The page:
First big rove of the season

Little by little, we are all trying to get outside and enjoy the outdoors – especially now when it’s summertime, and the weather is nice. During spring, I explored my chances to resume multi-park roves by first visiting one, then two parks at once, so that I could keep my operations completely autonomous. Finally, on May 8th I decided that it was time.

Of course, a day-long adventure that includes multiple parks also involves much more planning to make sure that everything runs smoothly. I prefer to look for clusters of parks that are relatively close to each other, so that I don’t lose too much time on driving between my operating points. A recent addition of new parks to the Parks on the Air program created a nice four-park cluster just west of Lincoln, which is quite close for me to drive to.

My battle plan for the day!

My morning started at K-4017 Lincoln Saline Wetlands (which is not actually a state park, but rather a conservation partnership ran by the City of Lincoln). Since the place is not very attractive, and I had to set up my station in the parking lot not too far from residential buildings, I did not plan to spend too much time there. Quick 26 contacts in 25 minutes – and I was out of there!

My next stop, K-3493 Nine Mile Prairie National Historical Park, was quieter and more secluded, but nevertheless not so scenic that I would be willing to come here again. I had to set up in a relatively small parking lot by the road, and spent a little under one hour on the air, yielding 49 contacts with 1 park-to-park.

Operating from K-5649 Pawnee State Recreation Area.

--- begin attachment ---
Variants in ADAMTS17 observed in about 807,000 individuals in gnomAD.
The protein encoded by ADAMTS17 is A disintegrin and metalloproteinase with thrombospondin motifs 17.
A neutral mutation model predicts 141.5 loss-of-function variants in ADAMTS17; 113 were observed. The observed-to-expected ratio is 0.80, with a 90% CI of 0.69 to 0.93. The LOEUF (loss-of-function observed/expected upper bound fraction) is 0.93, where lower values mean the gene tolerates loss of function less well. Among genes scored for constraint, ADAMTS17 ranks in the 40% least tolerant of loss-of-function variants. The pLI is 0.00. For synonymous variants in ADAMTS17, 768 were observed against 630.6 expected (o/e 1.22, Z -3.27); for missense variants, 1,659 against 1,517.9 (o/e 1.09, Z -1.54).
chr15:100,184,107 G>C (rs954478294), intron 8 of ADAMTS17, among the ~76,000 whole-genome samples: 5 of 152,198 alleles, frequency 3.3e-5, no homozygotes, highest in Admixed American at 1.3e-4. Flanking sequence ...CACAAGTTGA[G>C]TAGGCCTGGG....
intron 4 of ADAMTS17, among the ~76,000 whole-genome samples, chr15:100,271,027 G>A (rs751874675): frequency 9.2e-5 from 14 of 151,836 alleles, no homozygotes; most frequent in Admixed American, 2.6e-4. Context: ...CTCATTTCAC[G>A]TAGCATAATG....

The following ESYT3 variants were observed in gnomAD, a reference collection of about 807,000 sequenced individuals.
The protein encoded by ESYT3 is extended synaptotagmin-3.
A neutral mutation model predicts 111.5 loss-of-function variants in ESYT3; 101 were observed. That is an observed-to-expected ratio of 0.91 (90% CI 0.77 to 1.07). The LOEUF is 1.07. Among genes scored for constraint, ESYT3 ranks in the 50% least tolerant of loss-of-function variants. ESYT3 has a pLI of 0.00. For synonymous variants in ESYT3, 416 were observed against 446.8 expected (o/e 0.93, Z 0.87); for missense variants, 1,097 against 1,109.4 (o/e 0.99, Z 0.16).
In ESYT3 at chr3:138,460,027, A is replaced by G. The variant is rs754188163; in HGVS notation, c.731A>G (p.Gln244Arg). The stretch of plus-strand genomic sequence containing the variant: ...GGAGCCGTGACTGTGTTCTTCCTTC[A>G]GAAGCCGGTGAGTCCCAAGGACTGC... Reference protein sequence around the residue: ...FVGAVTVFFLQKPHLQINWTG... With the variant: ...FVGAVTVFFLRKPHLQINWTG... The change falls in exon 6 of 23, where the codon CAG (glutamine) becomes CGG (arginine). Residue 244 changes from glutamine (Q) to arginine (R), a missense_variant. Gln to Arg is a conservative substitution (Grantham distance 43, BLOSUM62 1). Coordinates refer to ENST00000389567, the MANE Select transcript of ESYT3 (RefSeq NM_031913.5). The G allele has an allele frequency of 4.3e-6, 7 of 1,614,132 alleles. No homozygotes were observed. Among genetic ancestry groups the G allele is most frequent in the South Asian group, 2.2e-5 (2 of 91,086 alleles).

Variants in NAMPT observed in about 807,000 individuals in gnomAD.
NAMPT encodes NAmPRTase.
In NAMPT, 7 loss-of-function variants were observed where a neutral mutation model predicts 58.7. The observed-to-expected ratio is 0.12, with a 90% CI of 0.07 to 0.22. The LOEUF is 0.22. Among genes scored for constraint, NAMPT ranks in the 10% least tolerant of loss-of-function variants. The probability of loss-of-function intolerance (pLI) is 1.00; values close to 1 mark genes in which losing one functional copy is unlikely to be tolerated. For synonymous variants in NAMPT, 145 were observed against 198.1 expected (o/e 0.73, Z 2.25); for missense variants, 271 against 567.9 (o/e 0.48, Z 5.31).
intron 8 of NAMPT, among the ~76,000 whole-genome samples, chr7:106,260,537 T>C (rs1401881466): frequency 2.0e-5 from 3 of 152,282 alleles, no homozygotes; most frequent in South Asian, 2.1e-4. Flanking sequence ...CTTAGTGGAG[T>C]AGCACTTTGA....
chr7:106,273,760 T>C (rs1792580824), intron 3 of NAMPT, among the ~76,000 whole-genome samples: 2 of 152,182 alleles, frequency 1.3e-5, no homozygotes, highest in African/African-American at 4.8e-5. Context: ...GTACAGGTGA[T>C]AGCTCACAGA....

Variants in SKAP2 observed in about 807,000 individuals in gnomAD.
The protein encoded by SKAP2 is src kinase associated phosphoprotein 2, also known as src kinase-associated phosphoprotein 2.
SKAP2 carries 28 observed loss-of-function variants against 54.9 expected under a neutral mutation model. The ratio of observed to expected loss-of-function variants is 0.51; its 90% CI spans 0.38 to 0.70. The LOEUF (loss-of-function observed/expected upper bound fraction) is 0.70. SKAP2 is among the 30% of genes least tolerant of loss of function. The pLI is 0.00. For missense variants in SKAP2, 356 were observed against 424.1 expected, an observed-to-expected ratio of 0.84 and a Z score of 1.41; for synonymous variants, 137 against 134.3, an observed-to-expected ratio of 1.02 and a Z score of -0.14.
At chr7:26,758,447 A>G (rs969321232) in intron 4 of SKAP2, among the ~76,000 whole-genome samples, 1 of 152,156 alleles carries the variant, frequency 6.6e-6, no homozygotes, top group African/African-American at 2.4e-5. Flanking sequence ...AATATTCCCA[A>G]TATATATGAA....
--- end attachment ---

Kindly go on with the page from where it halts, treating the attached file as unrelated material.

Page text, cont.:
The second half of the parks – two recent additions to the Nebraska’s list – were way more picturesque, and definitely fell into the category of those places that I’d visit to activate again. K-5649 Pawnee State Recreation Area has several convenient operating positions not far from water – I chose the parking lot at higher elevation and with better horizon, as well as with a generous lawn to lay my radials. I also spent a little bit under one hour on the air here, logging 34 contacts including one SOTA station in CA. The place was also quite welcoming to relax and have lunch, and the facilities were open right on the parking lot, which was also very helpful in the middle of my expedition. Of course, I took all precautions (in fact, I carry a bottle of hand sanitizer in the door of my car all the time).

My shack with a view at K-5662 Conestoga Lake State Recreation Area.

Later in the afternoon, it was time for the fourth and last park for the day – K-5662 Conestoga Lake State Recreation Area. I set up to operate in a large parking lot overlooking this beautiful lake. Within 75 minutes on the air, I logged 76 contacts, including 3 park-to-park ones, which made it my 3rd most prolific individual activation so far.

Overall, I came back with a total of 185 QSOs from 4 parks – my top result in a single day so far. The bands were good, but not great – QSB was sometimes very strong and made it much harder to copy weak stations. I mostly worked on 20 meters, and only tuned to 40 in the second and third parks. While in the latter, I also tried 17 meters and got CO8LY from Cuba. 20 meters was especially booming later in the day – in my fourth park I even got a QSO with Ciro IZ0BNV from Italy, who was hunting Nebraska for a WAS award.

QSO map of the day – 185 contacts in the log!

The weather got much nicer in the afternoon as well. Since it was early May, it was quite chilly (and windy!) in the morning when I started, but it warmed up well into the 60s when I was in my last park. It always feels great in the end of a very productive day, and I can’t wait to hit the road for the next multi-park rove soon!

Related Posts